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HMRC internal manual

Business Income Manual

HM Revenue & Customs
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Partnerships - general notes: existence of partnership

S2(3) Partnership Act 1890

In determining whether a partnership exists in any particular case, the starting point is the statutory definition:

’Partnership is the relation which subsists between persons carrying on a business in common with a view of profit.’

It is important that you establish all of the facts to determine the true relationship between the parties. This will include finding out what the intentions of the parties were. No single factor is likely to be conclusive on its own. You will need to form an overall view.

A declaration that a deed is to create a partnership relation, or is not to do so, is not conclusive on its own, though it may cast some light on the parties’ intentions - see Morden Rigg & Co and R B Eskrigge & Co v Monks [1923] 8TC450. In that case, two companies purchased and sold cotton and shared profits. The agreement disclaimed that their relationship was one of partnership but it was nevertheless held to be one. In Fenston v Johnstone [1940] 23TC29 an agreement for joint purchase and development of land stated that it did not constitute a partnership but it was nevertheless held to be one.

A mere assertion that a partnership exists is not conclusive if there is no supporting evidence. In CIR v Williamson [1928] 14TC335 a father and sons worked a farm. There was no partnership deed, no evidence that profits were shared and the father conducted all financial arrangements. The court decided that there was not a partnership.

The fact that the parties did not intend to create the relationship of partnership is a factor to be taken into account in deciding whether a partnership exists but again is not conclusive - see Horner v Hasted [1995] 67TC439. A senior manager in an accountancy practice was given the status of partner within the firm and argued that he was a partner. The manager was paid as an employee though the salary was a share of profits. The intention of the firm was that he should not be a partner as this would be contrary to professional and statutory rules. The court decided that he was not a partner).

The receipt of a share of net profits is prima facie but not conclusive evidence of partnership. An agreement to share net losses in the sense of being obliged to make good those losses is an even stronger indication.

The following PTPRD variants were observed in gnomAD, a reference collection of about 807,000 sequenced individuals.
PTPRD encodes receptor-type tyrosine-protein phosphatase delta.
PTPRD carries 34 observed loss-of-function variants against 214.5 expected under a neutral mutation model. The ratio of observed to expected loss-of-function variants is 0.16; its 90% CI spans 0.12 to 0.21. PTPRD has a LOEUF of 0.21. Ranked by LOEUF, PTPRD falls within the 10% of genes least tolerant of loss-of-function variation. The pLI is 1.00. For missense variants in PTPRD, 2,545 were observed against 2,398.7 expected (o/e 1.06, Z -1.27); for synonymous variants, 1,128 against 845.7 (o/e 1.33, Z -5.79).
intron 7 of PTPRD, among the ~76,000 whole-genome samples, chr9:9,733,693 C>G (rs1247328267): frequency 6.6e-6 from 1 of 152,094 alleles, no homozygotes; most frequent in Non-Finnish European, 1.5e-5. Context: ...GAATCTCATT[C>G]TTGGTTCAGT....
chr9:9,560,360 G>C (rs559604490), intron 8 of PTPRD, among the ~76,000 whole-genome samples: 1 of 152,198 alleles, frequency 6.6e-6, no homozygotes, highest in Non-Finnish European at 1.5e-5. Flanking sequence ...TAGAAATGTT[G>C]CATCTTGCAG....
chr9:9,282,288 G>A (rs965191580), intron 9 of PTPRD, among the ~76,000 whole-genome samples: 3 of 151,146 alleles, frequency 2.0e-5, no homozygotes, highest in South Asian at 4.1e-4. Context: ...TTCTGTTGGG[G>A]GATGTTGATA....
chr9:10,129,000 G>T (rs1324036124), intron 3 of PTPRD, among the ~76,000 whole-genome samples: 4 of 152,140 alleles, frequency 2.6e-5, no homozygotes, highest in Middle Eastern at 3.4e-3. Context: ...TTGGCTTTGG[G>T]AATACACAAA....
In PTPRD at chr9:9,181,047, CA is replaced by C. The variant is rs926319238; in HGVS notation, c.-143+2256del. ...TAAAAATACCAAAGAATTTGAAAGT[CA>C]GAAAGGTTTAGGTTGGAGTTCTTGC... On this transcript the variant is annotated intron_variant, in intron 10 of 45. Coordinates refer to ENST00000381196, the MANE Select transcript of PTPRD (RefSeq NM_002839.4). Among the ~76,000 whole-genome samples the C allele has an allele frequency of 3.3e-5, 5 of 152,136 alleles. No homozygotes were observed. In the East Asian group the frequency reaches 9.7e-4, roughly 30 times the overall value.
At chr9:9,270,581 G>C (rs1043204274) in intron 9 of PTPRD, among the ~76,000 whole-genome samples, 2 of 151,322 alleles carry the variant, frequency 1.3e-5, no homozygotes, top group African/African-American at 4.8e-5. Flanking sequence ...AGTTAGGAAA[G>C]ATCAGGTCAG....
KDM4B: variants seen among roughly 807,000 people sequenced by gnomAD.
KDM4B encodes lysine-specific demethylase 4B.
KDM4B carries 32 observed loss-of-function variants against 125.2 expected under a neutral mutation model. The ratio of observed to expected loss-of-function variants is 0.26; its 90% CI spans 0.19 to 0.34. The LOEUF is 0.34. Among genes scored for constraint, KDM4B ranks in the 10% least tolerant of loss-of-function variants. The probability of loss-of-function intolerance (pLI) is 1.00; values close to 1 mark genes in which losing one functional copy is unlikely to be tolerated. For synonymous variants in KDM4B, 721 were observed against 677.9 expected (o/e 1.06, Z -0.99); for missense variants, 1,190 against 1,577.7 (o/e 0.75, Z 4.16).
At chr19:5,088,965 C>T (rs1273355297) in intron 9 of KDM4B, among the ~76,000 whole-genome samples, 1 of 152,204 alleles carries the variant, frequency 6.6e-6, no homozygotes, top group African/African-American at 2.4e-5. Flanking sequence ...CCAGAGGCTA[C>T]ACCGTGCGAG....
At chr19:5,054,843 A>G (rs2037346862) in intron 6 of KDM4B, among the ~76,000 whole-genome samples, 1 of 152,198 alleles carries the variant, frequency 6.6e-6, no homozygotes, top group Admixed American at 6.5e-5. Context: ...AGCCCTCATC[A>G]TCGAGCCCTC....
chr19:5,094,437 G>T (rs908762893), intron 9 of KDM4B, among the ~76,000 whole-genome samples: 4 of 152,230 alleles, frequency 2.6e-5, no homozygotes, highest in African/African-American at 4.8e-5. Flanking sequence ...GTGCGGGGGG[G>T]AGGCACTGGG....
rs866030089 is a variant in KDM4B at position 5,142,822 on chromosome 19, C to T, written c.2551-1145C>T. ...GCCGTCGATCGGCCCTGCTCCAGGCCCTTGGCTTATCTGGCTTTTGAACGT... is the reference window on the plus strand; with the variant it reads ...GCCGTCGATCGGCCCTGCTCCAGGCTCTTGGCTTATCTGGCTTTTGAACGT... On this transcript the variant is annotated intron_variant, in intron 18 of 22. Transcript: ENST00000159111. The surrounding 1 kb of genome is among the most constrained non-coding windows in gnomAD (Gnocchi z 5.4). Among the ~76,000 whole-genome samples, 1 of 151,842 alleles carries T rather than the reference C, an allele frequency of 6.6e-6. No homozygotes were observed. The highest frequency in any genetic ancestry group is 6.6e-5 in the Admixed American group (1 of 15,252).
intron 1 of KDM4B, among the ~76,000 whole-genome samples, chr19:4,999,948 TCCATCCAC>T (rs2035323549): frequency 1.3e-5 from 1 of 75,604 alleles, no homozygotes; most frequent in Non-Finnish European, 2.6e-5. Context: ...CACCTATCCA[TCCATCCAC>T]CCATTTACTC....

A loan advanced to a business on terms that the rate of interest is to vary according to the profits does not of itself make the lender a partner in the business, provided that the loan agreement is in writing and signed by the parties concerned. A contract for remuneration varying according to the profits does not of itself make the servant or agent a partner in the business. As regards salaried partners you should refer to BIM82025.

A partnership whose income is above the VAT registration limits is required to register on Form VAT 2 with HMRC. If a partnership fails to register that of itself does not mean that there is no partnership but it is a factor to be taken into account in deciding whether a partnership exists.

For a review of other factors which might be evidence of partnership, and earlier cases, see Saywell and others (trading as Eaton Tractor Co) v Pope [1979] 53TC40 (in which a partnership deed was held not to have retrospective effect) and Alexander Bulloch & Co v CIR [1976] 51TC563 (where it was held that persons claimed to be partners who were minors were not partners - see BIM82065).

Who is a Partner?

The test to be applied is that at S1(1) Partnership Act 1890:

’Partnership is the relation which subsists between persons carrying on a business in common with a view of profit.’

In the case of Tiffin v Lester Aldridge LLP [2012] EWCA Civ 35 the Court of Appeal said that in looking at whether someone was a partner, it was important to look at the intention of the parties.

Although some factors are seen as being indications that someone is, or is not a partner, their importance will vary depending on the facts of the case. In the case of Williamson & Soden v JJ Briars [2011] UKEAT/0611/10/DM, Briars received a share of the profits: although this is often an indication of being a partner, in this case it was outweighed by other facts and he was held to be an employee.

In applying the test of whether someone is carrying on a business in common:

  • You have to look at all the facts of that case.
  • No single factor will be determinative.
  • The weighting of any factors depend on the facts of that case.
  • The intention of the parties is important.
  • Is the person really a principal; that is, someone who is part of the business or someone who is its servant?

Where a person admitted as partner is a nominee, acting under the instructions of a principal, it is necessary to decide who is taxable on the profit share. The person taxable on the profit share is the person who was admitted as a partner, whatever the context in which they have become a partner. If the other partners admitted the principal to the partnership but agreed to allow the principal to stand behind a nominee, the principal is taxable on the profit share. In other cases he nominee is taxable, as the nominee is the person admitted to the partnership.